7 Fall Maintenance Musts
Get your home in gear by completing these essential fall tasks, that will not only guard your home against cold-weather threats, but also make maintenance much easier come spring!
1) Fix the Flow
While fall foliage can be beautiful, it can also be a hindrance to your gutters. Leaves and other debris can quickly accumulate, preventing proper drainage, and possibly leading to even bigger headaches when winter finally arrives. Remove any visible buildup, then flush the gutter with a garden hose or bucket of water and check the flow. Clearing your gutters now will prevent overflow later, giving you one less potential problem to worry about during the cold months.
2) Drain the Faucets
You don’t want to overlook this task! Avoid winter water mishaps by turning off outside faucets and in-ground irrigation systems to prevent them from freezing and bursting when the temperature plummets. You’ll also want to close any shut-off valves and open outside faucets to drain the lines completely. Finish by draining any lingering water and putting away garden hoses and sprinklers to prevent them from being harmed by the harsh winter weather.
3) Find the Fire Extinguishers
‘Tis the season for candles, cooking, and gathering around the fireplace—and all these seasonal flames can quickly lead to accidents. While they may not be the prettiest items in your home, fire extinguishers are certainly some of the most important. Whether you just have a fire extinguisher in the kitchen or one on every floor of the house, early fall is a great time to inspect your fire extinguishers, make sure they’re accessible and in working order, and review their proper use.
4) Fiddle with the Furnace
These crisp days of early fall are delightful, but less delightful frigid temperatures are on their way. Inspect your furnace now so that you can take care of any problems before you really need that heat. Many experts recommend changing the furnace filter every few months, but a regular maintenance program should also include checking the pilot light and thermostat, and opening heating vents to make sure everything is working safely and efficiently. You can always call in a professional to inspect and service your furnace as well.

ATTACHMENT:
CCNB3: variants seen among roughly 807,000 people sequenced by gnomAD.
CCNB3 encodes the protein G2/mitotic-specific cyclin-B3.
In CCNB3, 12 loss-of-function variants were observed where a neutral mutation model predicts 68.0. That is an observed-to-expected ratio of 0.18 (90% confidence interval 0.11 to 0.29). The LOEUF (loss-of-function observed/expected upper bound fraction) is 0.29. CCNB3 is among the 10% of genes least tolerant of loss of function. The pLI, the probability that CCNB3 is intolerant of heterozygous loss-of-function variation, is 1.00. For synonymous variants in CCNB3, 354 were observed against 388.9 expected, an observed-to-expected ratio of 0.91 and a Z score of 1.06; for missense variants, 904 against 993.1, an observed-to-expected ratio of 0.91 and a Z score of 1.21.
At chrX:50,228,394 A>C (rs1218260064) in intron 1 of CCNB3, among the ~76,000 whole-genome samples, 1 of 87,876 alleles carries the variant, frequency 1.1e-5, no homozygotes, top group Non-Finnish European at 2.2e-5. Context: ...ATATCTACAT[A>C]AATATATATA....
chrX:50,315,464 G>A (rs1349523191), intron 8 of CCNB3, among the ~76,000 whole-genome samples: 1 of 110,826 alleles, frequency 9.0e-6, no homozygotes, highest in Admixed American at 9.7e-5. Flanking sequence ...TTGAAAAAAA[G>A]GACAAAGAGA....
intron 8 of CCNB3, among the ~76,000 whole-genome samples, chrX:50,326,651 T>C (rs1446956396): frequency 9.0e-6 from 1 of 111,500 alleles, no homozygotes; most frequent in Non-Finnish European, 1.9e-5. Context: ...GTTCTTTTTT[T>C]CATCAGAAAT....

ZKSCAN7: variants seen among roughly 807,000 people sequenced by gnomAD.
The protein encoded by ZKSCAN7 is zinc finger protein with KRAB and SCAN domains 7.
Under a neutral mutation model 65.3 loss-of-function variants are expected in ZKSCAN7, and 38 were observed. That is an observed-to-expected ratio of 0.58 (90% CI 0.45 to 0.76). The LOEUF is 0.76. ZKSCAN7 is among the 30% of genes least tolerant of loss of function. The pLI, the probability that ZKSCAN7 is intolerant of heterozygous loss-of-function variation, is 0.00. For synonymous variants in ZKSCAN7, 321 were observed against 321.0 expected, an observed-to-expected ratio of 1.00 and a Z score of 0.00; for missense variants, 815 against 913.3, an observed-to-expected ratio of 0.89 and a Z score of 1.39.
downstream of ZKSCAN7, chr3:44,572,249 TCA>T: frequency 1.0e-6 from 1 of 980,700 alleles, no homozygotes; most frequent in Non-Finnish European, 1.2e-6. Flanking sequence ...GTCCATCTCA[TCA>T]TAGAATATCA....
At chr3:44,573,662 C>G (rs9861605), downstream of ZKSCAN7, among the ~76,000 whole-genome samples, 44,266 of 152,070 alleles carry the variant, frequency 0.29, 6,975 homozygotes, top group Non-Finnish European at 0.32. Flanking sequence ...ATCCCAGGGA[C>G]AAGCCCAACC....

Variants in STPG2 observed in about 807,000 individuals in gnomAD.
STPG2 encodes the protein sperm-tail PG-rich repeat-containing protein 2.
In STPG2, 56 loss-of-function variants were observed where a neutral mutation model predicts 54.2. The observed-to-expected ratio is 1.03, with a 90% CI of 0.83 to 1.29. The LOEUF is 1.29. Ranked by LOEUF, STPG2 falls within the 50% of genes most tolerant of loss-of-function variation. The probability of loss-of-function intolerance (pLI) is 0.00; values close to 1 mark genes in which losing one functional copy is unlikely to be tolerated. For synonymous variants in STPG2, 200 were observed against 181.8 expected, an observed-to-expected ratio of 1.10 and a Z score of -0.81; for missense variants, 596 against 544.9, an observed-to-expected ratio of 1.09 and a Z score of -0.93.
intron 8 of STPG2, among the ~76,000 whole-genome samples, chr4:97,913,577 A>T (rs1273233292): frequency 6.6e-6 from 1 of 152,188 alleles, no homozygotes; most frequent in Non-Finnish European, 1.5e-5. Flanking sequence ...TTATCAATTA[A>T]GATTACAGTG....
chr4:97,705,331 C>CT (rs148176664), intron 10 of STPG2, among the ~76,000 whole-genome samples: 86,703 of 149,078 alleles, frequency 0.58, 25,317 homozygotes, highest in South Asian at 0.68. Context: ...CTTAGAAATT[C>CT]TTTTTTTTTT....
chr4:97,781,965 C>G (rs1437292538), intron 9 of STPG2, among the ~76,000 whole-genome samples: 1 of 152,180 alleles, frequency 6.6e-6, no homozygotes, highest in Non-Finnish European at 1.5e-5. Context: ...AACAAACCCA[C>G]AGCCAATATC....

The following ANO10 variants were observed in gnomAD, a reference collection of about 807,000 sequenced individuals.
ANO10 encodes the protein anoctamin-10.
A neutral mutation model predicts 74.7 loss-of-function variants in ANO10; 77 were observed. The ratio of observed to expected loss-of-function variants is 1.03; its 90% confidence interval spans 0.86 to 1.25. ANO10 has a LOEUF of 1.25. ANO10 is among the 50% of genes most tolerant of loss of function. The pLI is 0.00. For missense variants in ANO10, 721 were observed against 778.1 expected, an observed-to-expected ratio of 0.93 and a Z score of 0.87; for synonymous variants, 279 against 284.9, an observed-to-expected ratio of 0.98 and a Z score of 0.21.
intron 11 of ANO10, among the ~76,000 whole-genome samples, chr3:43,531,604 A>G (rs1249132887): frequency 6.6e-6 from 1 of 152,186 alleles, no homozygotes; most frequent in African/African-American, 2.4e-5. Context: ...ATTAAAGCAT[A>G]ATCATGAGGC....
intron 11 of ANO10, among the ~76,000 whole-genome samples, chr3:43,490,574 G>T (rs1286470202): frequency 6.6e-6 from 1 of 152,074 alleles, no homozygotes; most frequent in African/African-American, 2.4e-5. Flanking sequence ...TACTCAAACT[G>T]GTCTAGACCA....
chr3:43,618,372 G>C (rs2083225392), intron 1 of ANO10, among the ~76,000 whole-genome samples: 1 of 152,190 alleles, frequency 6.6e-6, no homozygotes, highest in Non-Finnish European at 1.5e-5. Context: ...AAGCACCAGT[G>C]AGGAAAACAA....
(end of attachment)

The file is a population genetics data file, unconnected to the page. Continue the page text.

5) Check the Batteries
I mean…. have you watched This is Us? You may think it’s OK to wait until you hear that helpful low-battery chirp before checking your smoke and carbon monoxide detectors, but think again. It’s recommended that you test smoke detectors once a month and replace batteries every six months for best performance. Add this task to your fall— and spring—checklist to ensure your home and family’s safety. A good rule of thumb: Check your detectors when you change the clocks in fall and spring.
6) Inspect the Fireplace
Relaxing by the fire is a favorite cold-weather pastime, but before your first gathering of the season, have your chimney and fireplace evaluated by a licensed inspector. If you have the structure serviced properly, it will function more efficiently, and you should be able to avoid any accidents caused by creosote buildup, dirty flues, or other hidden dangers. Make sure you have dry wood easily accessible to fuel your wood-burning fireplace during those cold winter nights.
7) Keep the Plants Warm (you know, if it ever gets cold)
After you’ve finished deadheading your perennials, pulling up annuals, and trimming ornamental shrubs, consider adding a layer of mulch to your flower beds. This extra blanket of warmth helps protect tender plants during the winter, increasing the chances that they’ll survive until spring. While you can use a premade product like cedar mulch, consider creating your own by shredding and mulching the leaves from your lawn.
Tailored from Bob Villa’s blog.